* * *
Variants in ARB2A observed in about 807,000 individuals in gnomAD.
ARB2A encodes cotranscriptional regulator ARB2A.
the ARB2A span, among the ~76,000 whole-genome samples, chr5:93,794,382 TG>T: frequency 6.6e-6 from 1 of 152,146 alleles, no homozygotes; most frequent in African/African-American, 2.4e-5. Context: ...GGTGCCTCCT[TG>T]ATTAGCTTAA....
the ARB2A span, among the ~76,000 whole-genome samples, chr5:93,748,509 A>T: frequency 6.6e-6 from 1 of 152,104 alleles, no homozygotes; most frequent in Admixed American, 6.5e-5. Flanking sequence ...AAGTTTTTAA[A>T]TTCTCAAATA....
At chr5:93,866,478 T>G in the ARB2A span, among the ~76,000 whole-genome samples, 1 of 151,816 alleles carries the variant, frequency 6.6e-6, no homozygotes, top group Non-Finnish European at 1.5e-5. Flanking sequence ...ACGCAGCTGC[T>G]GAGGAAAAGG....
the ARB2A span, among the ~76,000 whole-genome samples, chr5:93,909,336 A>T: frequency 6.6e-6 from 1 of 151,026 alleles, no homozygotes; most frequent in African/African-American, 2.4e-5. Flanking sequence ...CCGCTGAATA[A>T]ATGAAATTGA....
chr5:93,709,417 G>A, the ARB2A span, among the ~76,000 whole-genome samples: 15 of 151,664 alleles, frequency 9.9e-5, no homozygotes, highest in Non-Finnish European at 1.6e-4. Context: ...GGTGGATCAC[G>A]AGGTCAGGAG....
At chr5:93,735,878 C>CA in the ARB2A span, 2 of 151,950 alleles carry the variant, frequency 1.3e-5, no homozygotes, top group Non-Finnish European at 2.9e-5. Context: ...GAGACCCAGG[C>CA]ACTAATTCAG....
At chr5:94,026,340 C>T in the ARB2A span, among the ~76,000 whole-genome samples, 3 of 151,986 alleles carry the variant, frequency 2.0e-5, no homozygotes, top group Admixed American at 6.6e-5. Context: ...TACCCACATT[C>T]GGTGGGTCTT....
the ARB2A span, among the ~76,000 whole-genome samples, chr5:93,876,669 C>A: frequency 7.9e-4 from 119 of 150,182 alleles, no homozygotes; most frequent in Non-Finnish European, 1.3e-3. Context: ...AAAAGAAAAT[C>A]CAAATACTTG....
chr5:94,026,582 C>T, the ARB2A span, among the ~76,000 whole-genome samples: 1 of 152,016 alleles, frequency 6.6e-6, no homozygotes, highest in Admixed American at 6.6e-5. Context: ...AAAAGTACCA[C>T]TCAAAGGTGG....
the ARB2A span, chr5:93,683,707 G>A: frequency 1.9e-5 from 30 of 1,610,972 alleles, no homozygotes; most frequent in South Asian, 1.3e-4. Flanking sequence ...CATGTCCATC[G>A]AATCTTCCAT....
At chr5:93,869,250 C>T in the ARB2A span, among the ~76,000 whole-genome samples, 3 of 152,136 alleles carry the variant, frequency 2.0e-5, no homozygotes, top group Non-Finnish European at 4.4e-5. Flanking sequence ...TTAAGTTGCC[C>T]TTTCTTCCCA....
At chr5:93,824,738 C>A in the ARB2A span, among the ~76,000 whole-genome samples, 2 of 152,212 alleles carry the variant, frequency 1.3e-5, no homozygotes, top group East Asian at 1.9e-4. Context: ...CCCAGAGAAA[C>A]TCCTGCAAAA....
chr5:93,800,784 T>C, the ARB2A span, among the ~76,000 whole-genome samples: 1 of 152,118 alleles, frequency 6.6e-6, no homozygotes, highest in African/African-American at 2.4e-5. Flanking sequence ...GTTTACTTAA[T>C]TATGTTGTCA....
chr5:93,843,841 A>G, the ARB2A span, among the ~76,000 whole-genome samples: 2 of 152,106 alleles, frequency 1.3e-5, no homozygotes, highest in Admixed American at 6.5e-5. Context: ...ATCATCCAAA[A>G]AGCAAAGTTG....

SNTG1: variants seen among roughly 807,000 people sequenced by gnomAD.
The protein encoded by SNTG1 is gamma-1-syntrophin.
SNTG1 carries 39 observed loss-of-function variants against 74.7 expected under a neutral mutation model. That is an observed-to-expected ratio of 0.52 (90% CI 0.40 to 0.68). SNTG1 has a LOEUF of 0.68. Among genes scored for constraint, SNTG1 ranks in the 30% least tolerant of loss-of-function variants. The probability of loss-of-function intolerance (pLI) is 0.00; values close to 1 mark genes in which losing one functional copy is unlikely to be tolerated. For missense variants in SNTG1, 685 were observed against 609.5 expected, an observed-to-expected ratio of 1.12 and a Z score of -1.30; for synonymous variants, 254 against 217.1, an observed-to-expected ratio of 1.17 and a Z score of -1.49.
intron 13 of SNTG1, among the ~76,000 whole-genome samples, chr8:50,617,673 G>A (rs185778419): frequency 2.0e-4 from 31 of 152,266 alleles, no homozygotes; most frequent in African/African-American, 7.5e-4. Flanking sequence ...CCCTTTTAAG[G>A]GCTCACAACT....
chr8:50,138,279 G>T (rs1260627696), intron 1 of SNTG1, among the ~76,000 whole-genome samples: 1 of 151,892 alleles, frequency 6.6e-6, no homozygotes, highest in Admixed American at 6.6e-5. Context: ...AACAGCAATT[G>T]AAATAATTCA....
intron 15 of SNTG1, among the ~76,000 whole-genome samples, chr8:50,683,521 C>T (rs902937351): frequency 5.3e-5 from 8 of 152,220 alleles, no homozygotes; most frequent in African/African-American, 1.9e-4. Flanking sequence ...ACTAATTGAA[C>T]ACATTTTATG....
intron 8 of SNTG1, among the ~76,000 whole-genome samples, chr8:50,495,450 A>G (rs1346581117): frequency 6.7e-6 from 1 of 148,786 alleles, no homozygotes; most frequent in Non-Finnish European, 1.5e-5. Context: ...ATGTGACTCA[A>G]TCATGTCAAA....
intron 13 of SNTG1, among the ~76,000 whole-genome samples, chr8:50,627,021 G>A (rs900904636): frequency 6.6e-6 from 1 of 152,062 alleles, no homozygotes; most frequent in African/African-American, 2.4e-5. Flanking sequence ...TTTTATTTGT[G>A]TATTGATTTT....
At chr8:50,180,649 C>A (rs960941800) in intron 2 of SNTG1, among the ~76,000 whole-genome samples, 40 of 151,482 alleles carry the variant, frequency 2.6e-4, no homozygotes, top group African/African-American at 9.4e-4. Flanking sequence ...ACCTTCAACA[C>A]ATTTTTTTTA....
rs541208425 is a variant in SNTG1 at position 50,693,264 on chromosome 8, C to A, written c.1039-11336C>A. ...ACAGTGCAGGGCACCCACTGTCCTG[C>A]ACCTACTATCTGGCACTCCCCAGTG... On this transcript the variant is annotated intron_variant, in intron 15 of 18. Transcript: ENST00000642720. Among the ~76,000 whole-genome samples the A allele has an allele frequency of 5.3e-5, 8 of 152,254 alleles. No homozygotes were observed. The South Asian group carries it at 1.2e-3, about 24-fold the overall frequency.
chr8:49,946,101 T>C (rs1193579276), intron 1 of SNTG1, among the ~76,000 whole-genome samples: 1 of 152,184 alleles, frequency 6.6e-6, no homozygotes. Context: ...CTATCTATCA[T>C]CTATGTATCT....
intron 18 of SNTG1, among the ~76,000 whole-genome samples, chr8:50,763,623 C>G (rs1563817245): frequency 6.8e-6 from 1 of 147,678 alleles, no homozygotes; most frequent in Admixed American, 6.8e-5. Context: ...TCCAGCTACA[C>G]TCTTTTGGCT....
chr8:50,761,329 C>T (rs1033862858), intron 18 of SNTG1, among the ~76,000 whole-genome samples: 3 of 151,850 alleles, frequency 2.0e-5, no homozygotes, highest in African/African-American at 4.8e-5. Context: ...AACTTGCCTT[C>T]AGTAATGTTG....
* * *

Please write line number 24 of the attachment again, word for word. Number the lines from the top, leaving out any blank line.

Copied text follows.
intron 13 of SNTG1, among the ~76,000 whole-genome samples, chr8:50,627,021 G>A (rs900904636): frequency 6.6e-6 from 1 of 152,062 alleles, no homozygotes; most frequent in African/African-American, 2.4e-5. Flanking sequence ...TTTTATTTGT[G>A]TATTGATTTT....